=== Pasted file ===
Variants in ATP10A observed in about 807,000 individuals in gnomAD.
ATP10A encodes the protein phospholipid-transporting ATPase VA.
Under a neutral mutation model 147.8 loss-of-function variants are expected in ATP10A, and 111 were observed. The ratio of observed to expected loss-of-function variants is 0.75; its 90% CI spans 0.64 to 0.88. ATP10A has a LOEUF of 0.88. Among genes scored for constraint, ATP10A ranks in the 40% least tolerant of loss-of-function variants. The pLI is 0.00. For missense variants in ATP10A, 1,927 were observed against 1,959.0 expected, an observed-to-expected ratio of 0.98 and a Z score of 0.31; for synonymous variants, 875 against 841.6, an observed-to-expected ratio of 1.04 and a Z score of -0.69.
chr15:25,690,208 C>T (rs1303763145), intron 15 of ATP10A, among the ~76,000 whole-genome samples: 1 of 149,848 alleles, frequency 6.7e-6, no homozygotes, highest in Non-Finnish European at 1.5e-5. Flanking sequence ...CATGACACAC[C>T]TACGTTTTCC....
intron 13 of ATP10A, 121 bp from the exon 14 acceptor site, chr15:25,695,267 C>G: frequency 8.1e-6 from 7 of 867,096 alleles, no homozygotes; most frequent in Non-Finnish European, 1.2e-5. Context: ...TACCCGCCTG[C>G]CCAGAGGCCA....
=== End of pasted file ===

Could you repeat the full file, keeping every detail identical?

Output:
Variants in ATP10A observed in about 807,000 individuals in gnomAD.
ATP10A encodes the protein phospholipid-transporting ATPase VA.
Under a neutral mutation model 147.8 loss-of-function variants are expected in ATP10A, and 111 were observed. The ratio of observed to expected loss-of-function variants is 0.75; its 90% CI spans 0.64 to 0.88. ATP10A has a LOEUF of 0.88. Among genes scored for constraint, ATP10A ranks in the 40% least tolerant of loss-of-function variants. The pLI is 0.00. For missense variants in ATP10A, 1,927 were observed against 1,959.0 expected, an observed-to-expected ratio of 0.98 and a Z score of 0.31; for synonymous variants, 875 against 841.6, an observed-to-expected ratio of 1.04 and a Z score of -0.69.
chr15:25,690,208 C>T (rs1303763145), intron 15 of ATP10A, among the ~76,000 whole-genome samples: 1 of 149,848 alleles, frequency 6.7e-6, no homozygotes, highest in Non-Finnish European at 1.5e-5. Flanking sequence ...CATGACACAC[C>T]TACGTTTTCC....
intron 13 of ATP10A, 121 bp from the exon 14 acceptor site, chr15:25,695,267 C>G: frequency 8.1e-6 from 7 of 867,096 alleles, no homozygotes; most frequent in Non-Finnish European, 1.2e-5. Context: ...TACCCGCCTG[C>G]CCAGAGGCCA....